For more than a decade, Gôr Mörgûl dwell around to bring us their message of blasphemy and black magic. With Elohim, this band from Sardinia, Italy, brings forth their third full length opus, continuing the path they started in 2010 with In The Sign Of Blackness, followed by the EP Ruins Of The Icons Of God (2014) and the second full album, Heresy (2015). One again we had to wait quite some time, but Elohim might be worth waiting for so long.
The album gets released once more in the partnership of Satanath Records from the Russian Federation and Death Portal Studio from the U.S. It’s an eight-tracker that gets released in a regular CD-edition (i.e. jewel case) (500 physical copies, besides the digital ones) with a four-page booklet that includes quite unusual and strange, experimental cover artwork, but no lyrics, unfortunately (which are, by the way, in English, Latin and ancient Greek).
Totally in the vein of the former works, Elohim stands for more than half an hour of intense, energetic and mainly fast (1), yet quite melodic (2) and varying (3) Technical Death Metal (4) with a blackened edge (5). I’ll go little deeper into these things.
- This stuff sounds furious, warlike and kinetic as from the very beginning until the end. Reminiscent of the North American and Polish scene, the material on this album is merciless, unstoppable, fast-forward and malicious. The guitar riffing comes with that destructive tangle, but it’s the drum part especially that creates the devastating and taking-no-prisoners attitude.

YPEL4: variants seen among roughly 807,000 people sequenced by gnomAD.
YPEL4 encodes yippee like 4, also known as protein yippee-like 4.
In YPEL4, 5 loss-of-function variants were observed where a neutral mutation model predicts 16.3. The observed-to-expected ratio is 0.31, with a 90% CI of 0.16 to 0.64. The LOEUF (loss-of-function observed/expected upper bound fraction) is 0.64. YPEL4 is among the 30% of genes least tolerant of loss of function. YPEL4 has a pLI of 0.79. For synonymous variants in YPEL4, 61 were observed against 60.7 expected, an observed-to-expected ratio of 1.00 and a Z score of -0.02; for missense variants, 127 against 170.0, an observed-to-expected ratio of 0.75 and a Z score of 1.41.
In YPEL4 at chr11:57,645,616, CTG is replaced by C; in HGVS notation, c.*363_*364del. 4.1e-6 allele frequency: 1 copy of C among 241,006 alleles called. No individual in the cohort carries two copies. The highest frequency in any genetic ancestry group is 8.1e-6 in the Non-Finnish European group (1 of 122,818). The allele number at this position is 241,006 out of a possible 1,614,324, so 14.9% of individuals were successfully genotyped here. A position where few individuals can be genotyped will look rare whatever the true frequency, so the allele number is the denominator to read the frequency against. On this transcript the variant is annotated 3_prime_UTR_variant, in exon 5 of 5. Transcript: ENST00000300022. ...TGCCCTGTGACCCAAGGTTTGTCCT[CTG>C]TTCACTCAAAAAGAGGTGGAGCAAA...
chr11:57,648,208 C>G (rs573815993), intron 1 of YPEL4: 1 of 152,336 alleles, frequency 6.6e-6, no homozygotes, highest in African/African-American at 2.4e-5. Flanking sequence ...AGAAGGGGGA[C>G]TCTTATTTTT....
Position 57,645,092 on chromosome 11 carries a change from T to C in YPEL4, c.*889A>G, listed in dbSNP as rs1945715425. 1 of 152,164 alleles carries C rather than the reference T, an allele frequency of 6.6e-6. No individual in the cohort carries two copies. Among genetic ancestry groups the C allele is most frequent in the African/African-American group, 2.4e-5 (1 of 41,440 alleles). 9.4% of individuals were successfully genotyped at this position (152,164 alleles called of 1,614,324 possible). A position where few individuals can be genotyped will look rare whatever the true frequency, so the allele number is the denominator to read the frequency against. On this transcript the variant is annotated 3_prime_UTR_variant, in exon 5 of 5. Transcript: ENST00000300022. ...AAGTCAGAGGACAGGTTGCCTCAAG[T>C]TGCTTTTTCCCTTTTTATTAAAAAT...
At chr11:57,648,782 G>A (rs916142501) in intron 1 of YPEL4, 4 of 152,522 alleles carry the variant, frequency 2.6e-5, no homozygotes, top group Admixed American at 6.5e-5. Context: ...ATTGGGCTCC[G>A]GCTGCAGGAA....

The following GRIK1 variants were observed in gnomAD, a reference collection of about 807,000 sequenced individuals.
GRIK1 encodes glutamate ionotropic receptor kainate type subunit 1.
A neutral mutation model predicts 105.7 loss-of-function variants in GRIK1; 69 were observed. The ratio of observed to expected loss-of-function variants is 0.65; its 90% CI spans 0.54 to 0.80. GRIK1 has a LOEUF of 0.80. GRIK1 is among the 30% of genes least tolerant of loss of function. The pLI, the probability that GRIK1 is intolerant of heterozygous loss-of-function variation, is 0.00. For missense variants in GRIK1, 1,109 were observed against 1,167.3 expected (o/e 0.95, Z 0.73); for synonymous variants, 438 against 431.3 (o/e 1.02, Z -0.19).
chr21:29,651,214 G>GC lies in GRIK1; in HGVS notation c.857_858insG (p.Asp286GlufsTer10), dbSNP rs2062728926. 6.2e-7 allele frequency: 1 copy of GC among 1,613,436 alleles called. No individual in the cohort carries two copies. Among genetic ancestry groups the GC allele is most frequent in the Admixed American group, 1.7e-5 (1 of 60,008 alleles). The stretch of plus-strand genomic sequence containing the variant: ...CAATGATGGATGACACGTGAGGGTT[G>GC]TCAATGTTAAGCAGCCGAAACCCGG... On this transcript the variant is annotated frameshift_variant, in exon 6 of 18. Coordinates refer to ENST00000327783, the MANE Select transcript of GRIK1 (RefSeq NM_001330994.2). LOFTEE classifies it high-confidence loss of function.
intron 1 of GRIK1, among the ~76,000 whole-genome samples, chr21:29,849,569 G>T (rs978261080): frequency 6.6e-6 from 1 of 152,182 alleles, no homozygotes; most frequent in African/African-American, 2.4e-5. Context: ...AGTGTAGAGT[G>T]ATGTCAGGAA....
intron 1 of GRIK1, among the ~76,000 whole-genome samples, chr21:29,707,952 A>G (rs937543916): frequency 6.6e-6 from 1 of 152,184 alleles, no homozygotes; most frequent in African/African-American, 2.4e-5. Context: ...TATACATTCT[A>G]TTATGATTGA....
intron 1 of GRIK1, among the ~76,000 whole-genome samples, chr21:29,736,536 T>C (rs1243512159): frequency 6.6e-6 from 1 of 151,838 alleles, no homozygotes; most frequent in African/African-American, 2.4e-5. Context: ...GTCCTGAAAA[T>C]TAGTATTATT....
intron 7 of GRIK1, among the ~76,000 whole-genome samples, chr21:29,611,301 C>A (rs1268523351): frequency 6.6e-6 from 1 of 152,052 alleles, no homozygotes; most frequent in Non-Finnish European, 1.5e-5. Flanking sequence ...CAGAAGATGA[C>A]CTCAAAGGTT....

- Notwithstanding the enormous power behind the better part of this album, Gôr Mörgûl somehow succeed to maintain a melodious approach, with great tremolo riffing, dual leads and some sharp-edged yet transcending solos. Especially the slower excerpts, yet most fast ones too, are sort of blessed with that crafted approach.
- Despite the fact that the album is blasting fast especially, there are several tempo-changes, in about each composition, with a diversification in structure and speed. The latter refers to a couple of ultimately blasting eruptions, yet also quite some mid- to up-tempo chapters. Another remarkable thing that characterises the diversity of this recording is the balance in between groovier pieces, atmospheric passages, right-in-the-face parts and so on. Lamaštu is an example of all this, with slower riffs and eruptional outbursts, a fine equilibrium in between harsh warmonger and integer moments (cf. the acoustic intermezzo), and much more. Acoustic excerpts, by the way, do appear more than once at very well-balanced, ideally chosen moments.
- The craftsmanship, well, I was quite enthusiastic about the members’ skills in the past, but the craftsmanship exceeds the average easily. It all starts with the song writing, which asks for a technical high-skilled approach. And that’s exactly what the professionally skilled quartet aims for: defining their ability to translate the technical song writing into a satisfying sonic result.
- The band does not perform Black Metal, as said, but there is such an atmosphère noire going on. It’s the lyrical side, and the languages used, it’s about the Arab / Persian / Mesopotamian influences, it’s the overall atmosphere that overwhelms, captures, bewitches.
Elohim is not a renewing album, for it represents a sub-trend that exists for a while. It does not reinvent the scene, not opens it the portal to another sonic dimension. But within its specific genre, it is one of the better recordings in quite some time. Recommended if you appreciate everything in the vein of, let’s say, Neter, Blood Of Kingu, Dalkhu, Archgoat, Preludium, Veld, Demonic Obedience, Misanthropic Existence and Akhenaten; even fans of Arkhon Infaustus, Behemoth, Azarath or Morbosidad might adore this material…